Literacy Annotated Bibliography the Origin Thesis

Pages: 5 (1561 words)  ·  Style: APA  ·  Bibliography Sources: 7  ·  File: .docx  ·  Level: College Senior  ·  Topic: Teaching

Literacy

Annotated Bibliography

THE ORIGIN of LITERACY

Bazerman, Charles (nd) a Reflective Moment in the History of Literacy. University of California, Santa Barbara. Online available at: education.ucsb.edu/bazerman/chapters/37.moment2.doc

Bazerman, C. (2000a). Letters and the Social Grounding of Differentiated Genres. In D. Barton & N. Hall (Eds.), Letter Writing as a Social Practice (pp. 15-29). Amsterdam: John Benjamins.

Bazerman, C. (2000b). Rhetoric for Literate Society: The Tension between Expanding Practices and Restricted Theories. In M. Goggin (Ed.), Inventing a Discipline (pp. 5-28). Urbana: NCTE.Download full Download Microsoft Word File
paper NOW!

TOPIC: Thesis on Literacy Annotated Bibliography the Origin of Literacy Assignment

The work of Bazerman (nd) entitled: "A Reflective Moment in the History of Literacy" states that the history of literacy "extends about five thousand years, the history of inscription even longer." Bazerman writes that the conditions of literacy have been changed by "the material technologies that mediate literacy" and as well these technologies have "enabled expanding and creative uses of the written word. Bazerman cites Bazerman (2000a, 2000b) and states: "The earliest clay counters that are believed to be the precursors of literacy early elaborated into business accounting and commercial contracts, both of which took on new forms as they became the heart of the commercial system in early Renaissance Italy. Early letters to agents elaborated into the modern world of corporate and bureaucratic records and files. Inscribed laws and decrees became complex systems of governance and adjudication, with volumes of legislation, regulation, court records, precedent, and commentary. Early letters of useful news lead to newsletters and newspapers, news commentary, and news magazines, and now the entire complex of news media. Scriptures beget commentary, scholarship, and prayer books. Transcriptions of public performances become poetry and drama and narratives and novels and detective potboilers and Harlequin romances. Each of these elaborating documentary forms are part of elaborating social systems, roles and activities. Written law has spawned judges and appellate judges and Supreme Court justices, lawyers and clients and paralegals, law librarians and law professors and law students, and fund-raisers for law schools. Financial records and financial instruments created professions of accountants, bookkeepers, clerks, typists, bankers, middle level managers, and IRS agents. And for each field, complexes of activities and roles become built on the spine of written genres that stabilized and regularized relations within increasingly differentiated and elaborated activity systems (Bazerman 1997).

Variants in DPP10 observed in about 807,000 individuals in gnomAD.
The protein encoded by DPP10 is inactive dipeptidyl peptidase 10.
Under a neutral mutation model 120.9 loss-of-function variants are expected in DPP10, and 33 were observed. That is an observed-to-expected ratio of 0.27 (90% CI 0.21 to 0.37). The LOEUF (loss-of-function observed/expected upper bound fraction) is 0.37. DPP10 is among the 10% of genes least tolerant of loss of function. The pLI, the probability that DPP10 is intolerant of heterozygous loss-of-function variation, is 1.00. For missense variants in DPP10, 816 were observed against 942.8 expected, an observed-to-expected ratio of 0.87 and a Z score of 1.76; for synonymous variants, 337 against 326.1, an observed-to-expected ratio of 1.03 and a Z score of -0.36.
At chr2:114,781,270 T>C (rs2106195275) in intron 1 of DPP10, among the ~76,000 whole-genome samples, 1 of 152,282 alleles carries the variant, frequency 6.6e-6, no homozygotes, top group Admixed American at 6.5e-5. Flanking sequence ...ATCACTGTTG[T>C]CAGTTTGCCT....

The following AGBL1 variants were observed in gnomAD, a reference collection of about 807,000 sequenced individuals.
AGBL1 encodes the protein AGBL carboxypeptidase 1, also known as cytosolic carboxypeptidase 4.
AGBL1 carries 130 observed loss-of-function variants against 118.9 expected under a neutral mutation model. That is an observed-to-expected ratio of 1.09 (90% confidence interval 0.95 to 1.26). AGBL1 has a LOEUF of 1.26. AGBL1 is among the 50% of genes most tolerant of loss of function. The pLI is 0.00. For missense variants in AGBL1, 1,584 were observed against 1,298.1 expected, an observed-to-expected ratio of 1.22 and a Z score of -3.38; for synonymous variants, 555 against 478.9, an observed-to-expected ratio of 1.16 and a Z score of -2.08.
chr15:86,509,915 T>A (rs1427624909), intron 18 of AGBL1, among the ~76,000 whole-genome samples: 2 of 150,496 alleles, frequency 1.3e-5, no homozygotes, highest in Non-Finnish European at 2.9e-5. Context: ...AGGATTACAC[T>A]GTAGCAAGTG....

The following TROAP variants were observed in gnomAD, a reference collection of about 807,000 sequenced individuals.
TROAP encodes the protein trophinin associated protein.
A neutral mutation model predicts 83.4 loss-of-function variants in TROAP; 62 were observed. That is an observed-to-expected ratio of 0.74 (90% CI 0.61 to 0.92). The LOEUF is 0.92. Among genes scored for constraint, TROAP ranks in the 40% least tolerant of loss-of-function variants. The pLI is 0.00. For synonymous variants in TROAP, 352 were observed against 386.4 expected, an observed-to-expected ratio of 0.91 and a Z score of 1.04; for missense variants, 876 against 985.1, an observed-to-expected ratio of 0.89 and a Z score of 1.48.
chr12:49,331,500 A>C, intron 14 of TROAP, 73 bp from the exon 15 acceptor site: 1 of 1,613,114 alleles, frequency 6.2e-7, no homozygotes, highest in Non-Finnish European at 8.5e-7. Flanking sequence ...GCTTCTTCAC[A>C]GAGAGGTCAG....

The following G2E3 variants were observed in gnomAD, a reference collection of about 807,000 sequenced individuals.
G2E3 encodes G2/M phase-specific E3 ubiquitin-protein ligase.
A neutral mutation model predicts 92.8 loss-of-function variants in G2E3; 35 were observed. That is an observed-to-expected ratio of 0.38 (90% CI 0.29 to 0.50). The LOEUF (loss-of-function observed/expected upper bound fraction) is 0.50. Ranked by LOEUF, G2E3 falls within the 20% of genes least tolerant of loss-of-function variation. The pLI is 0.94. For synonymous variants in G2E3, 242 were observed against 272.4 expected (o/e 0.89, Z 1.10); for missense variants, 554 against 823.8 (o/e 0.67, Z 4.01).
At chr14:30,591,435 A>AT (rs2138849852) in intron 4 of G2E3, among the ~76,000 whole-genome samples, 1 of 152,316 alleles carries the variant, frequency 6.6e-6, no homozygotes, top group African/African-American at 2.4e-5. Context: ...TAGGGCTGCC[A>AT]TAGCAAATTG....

As literate artifacts grew in complexity and variety, tied to increasingly specialized activities and forms of knowledge, schooling became crucial for the maintenance of social systems and the fates of people whose lives were ever more caught up within those systems. The literacies, literate practices, and literatures of schooling become accordingly extensive and complex in relation to the multiple literacies of societies that they prepared people for."

II. FREDERICK DOUGLASS - IMPACT on LITERACY

4) Narrative of the Life of FREDERICK DOUGLASS, an American Slave (2005) by Frederick Douglass and edited by Robert G. O'Meally. Spark Educational Publishing.

The work entitled: "Narrative of the Life of Frederick Douglass, an American Slave" which is a story of and in part written by Frederick Douglass relates that Douglass "was an American improviser whose mighty task was to have the courage, simply to be - an achievement that by no means could be taken for granted in a society that defined him as a domestic animal, a piece of property to buy, work, rent, inherit, or sell." (Douglass and O'Meally, 2005) Douglass managed to attain enough literacy to write his story and he wrote "My feet have been so cracked with the frost, that the pen with which I am writing might be laid in the gashes." (p.36) O'Meally writes that Robert Stepto wrote of Douglass's that his "quest can be focused into two specific terms: He sought freedom, and he sought literacy." O'Meally writes that Douglass's "ongoing physical struggle and his flaming determination to learn how to read and write" is fascinating." (Douglass and O'Meally, 2005) Frederick Douglass wrote concerning the words of his new owner, Mr. Auld, as he warned his wife about teaching ABCs to the young slave Frederick as he stated: "If you give a nigger an inch, he will take an ell. A nigger should know nothing but to obey his master - to do as he is told to do. Learning would spoil the best nigger in the world...If you would teach that nigger...how to read, there would be no keeping him. It would forever unfit him to be a slave. He would at once become unmanageable, and of no value to his master. As to himself, it could do him now good, but a great deal of harm. It would make him discontented and unhappy." (pp. 40-41) as is known now from historical account Douglass did indeed learn to read and read the newspapers and any books he could get his hands on. O'Meally writes that freedom and literacy "tightly bound strands in the fabric of Douglass' mystic quest." (Douglass and O'Meally, 2005) it is stated that the quest of literacy in Douglass's mind did not just involve being able to technically master reading but as well he wanted to "read the people, places, situations and expressive forms around him with deeper understanding. " (Douglass and O'Meally, 2005)